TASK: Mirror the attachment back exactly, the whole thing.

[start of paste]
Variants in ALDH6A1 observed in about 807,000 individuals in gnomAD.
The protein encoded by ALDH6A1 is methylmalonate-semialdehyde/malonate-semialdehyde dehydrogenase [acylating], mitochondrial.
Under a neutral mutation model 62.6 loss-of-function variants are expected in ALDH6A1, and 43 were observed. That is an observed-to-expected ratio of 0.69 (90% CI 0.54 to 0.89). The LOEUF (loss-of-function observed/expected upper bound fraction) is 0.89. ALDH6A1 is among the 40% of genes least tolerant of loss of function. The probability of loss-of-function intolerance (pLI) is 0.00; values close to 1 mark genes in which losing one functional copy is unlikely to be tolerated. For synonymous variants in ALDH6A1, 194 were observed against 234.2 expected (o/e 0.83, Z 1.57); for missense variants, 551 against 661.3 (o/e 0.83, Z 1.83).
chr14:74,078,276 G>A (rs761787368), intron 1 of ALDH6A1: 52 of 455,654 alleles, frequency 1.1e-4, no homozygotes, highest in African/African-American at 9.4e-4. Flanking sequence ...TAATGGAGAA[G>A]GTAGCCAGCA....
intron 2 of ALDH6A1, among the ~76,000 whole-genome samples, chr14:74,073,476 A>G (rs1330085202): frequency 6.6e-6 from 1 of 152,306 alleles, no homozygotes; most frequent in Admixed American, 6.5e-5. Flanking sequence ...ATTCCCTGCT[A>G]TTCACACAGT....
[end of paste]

Variants in ALDH6A1 observed in about 807,000 individuals in gnomAD.
The protein encoded by ALDH6A1 is methylmalonate-semialdehyde/malonate-semialdehyde dehydrogenase [acylating], mitochondrial.
Under a neutral mutation model 62.6 loss-of-function variants are expected in ALDH6A1, and 43 were observed. That is an observed-to-expected ratio of 0.69 (90% CI 0.54 to 0.89). The LOEUF (loss-of-function observed/expected upper bound fraction) is 0.89. ALDH6A1 is among the 40% of genes least tolerant of loss of function. The probability of loss-of-function intolerance (pLI) is 0.00; values close to 1 mark genes in which losing one functional copy is unlikely to be tolerated. For synonymous variants in ALDH6A1, 194 were observed against 234.2 expected (o/e 0.83, Z 1.57); for missense variants, 551 against 661.3 (o/e 0.83, Z 1.83).
chr14:74,078,276 G>A (rs761787368), intron 1 of ALDH6A1: 52 of 455,654 alleles, frequency 1.1e-4, no homozygotes, highest in African/African-American at 9.4e-4. Flanking sequence ...TAATGGAGAA[G>A]GTAGCCAGCA....
intron 2 of ALDH6A1, among the ~76,000 whole-genome samples, chr14:74,073,476 A>G (rs1330085202): frequency 6.6e-6 from 1 of 152,306 alleles, no homozygotes; most frequent in Admixed American, 6.5e-5. Flanking sequence ...ATTCCCTGCT[A>G]TTCACACAGT....